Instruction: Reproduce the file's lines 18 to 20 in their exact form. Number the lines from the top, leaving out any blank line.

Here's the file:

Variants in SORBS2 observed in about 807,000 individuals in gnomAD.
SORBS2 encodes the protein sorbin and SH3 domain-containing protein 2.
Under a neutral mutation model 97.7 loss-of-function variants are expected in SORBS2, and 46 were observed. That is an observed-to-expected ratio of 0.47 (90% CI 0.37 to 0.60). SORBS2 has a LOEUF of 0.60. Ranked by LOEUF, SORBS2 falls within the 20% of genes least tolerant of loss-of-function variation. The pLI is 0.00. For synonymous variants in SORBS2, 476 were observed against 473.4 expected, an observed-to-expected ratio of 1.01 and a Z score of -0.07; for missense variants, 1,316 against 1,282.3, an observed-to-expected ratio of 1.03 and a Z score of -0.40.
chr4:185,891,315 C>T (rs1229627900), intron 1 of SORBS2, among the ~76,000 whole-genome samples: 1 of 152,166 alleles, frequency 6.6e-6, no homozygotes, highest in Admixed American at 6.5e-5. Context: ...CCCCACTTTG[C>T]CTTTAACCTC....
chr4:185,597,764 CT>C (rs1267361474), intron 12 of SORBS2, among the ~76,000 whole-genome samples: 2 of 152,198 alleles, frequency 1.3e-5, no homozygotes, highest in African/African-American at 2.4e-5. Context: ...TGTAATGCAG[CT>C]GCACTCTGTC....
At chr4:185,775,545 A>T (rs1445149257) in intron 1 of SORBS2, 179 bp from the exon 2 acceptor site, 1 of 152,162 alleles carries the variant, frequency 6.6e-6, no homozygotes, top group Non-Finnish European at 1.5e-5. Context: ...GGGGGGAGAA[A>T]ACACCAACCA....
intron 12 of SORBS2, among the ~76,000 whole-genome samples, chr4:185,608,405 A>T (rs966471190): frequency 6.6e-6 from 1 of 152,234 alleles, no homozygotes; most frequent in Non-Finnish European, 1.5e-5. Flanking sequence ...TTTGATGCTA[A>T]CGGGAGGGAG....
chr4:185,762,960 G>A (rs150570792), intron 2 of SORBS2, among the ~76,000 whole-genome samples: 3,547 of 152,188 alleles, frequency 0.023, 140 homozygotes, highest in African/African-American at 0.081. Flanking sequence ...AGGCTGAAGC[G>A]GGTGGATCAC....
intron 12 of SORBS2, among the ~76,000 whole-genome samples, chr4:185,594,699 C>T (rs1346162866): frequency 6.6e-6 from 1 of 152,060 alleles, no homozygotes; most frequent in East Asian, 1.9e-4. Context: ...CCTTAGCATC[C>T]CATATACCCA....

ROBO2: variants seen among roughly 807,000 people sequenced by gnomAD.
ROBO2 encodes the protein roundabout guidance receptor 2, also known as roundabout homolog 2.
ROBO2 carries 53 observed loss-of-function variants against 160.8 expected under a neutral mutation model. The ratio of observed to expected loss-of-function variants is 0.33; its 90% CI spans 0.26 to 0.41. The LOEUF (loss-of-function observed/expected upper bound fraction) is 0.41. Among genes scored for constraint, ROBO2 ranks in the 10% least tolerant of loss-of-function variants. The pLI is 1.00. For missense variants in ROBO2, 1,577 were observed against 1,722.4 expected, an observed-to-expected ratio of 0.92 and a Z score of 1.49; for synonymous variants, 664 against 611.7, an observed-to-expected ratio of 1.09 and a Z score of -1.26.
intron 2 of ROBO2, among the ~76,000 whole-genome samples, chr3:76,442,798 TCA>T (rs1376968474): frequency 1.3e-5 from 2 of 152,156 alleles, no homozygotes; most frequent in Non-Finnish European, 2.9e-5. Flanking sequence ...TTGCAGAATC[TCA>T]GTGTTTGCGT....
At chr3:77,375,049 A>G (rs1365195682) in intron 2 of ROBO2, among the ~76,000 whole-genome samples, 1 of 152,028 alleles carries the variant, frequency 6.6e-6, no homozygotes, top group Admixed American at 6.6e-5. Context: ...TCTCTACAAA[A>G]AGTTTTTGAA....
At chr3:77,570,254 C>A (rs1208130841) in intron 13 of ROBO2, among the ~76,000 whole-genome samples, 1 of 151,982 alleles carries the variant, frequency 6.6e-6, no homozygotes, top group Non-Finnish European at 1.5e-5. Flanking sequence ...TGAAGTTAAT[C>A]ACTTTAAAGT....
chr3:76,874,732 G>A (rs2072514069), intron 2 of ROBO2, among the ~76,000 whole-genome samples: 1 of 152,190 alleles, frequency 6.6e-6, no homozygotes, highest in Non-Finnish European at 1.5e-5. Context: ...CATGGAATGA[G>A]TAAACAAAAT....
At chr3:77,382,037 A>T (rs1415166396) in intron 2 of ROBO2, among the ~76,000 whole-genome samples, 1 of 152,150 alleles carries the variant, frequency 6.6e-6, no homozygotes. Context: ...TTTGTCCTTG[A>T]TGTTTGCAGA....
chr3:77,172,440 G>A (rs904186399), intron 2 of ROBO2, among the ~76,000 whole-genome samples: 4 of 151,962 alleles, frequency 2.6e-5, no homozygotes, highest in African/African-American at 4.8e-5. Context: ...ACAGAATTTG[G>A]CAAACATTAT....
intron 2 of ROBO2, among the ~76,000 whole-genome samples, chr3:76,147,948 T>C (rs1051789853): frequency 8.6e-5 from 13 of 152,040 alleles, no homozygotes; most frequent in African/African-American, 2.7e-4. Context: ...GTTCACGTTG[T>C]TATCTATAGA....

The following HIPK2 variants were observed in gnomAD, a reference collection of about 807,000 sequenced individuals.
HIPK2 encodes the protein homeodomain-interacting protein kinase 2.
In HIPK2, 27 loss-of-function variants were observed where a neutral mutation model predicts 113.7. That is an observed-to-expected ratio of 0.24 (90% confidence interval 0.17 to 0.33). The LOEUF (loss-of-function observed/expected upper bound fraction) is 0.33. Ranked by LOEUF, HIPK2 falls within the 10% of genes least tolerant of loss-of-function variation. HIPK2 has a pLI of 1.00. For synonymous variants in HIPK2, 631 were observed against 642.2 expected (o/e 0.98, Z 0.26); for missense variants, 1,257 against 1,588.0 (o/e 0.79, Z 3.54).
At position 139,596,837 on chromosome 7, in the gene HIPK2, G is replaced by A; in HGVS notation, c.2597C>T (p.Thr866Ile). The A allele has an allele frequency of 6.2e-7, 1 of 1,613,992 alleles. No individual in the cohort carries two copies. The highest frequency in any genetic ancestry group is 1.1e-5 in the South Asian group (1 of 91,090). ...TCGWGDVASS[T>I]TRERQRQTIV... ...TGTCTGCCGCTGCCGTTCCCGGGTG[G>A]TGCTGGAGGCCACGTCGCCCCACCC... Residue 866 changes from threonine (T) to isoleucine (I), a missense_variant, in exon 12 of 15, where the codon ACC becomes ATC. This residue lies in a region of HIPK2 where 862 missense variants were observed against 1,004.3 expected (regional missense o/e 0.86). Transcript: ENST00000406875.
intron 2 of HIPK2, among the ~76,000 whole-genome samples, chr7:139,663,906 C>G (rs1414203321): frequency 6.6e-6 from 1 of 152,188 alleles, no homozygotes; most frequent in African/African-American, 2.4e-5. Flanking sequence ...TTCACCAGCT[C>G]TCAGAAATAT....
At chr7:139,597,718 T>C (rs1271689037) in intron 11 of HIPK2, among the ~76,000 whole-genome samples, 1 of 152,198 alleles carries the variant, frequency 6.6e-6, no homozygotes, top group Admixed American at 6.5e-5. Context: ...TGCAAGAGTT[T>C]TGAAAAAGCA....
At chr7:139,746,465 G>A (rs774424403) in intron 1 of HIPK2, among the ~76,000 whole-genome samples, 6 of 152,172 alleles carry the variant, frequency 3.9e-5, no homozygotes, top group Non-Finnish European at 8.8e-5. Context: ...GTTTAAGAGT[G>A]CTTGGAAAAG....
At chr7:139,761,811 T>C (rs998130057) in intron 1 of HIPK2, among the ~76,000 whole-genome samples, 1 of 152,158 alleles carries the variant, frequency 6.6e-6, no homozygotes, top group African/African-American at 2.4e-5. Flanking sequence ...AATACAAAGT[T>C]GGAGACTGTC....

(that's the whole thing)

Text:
chr3:77,172,440 G>A (rs904186399), intron 2 of ROBO2, among the ~76,000 whole-genome samples: 4 of 151,962 alleles, frequency 2.6e-5, no homozygotes, highest in African/African-American at 4.8e-5. Context: ...ACAGAATTTG[G>A]CAAACATTAT....
intron 2 of ROBO2, among the ~76,000 whole-genome samples, chr3:76,147,948 T>C (rs1051789853): frequency 8.6e-5 from 13 of 152,040 alleles, no homozygotes; most frequent in African/African-American, 2.7e-4. Context: ...GTTCACGTTG[T>C]TATCTATAGA....

The following HIPK2 variants were observed in gnomAD, a reference collection of about 807,000 sequenced individuals.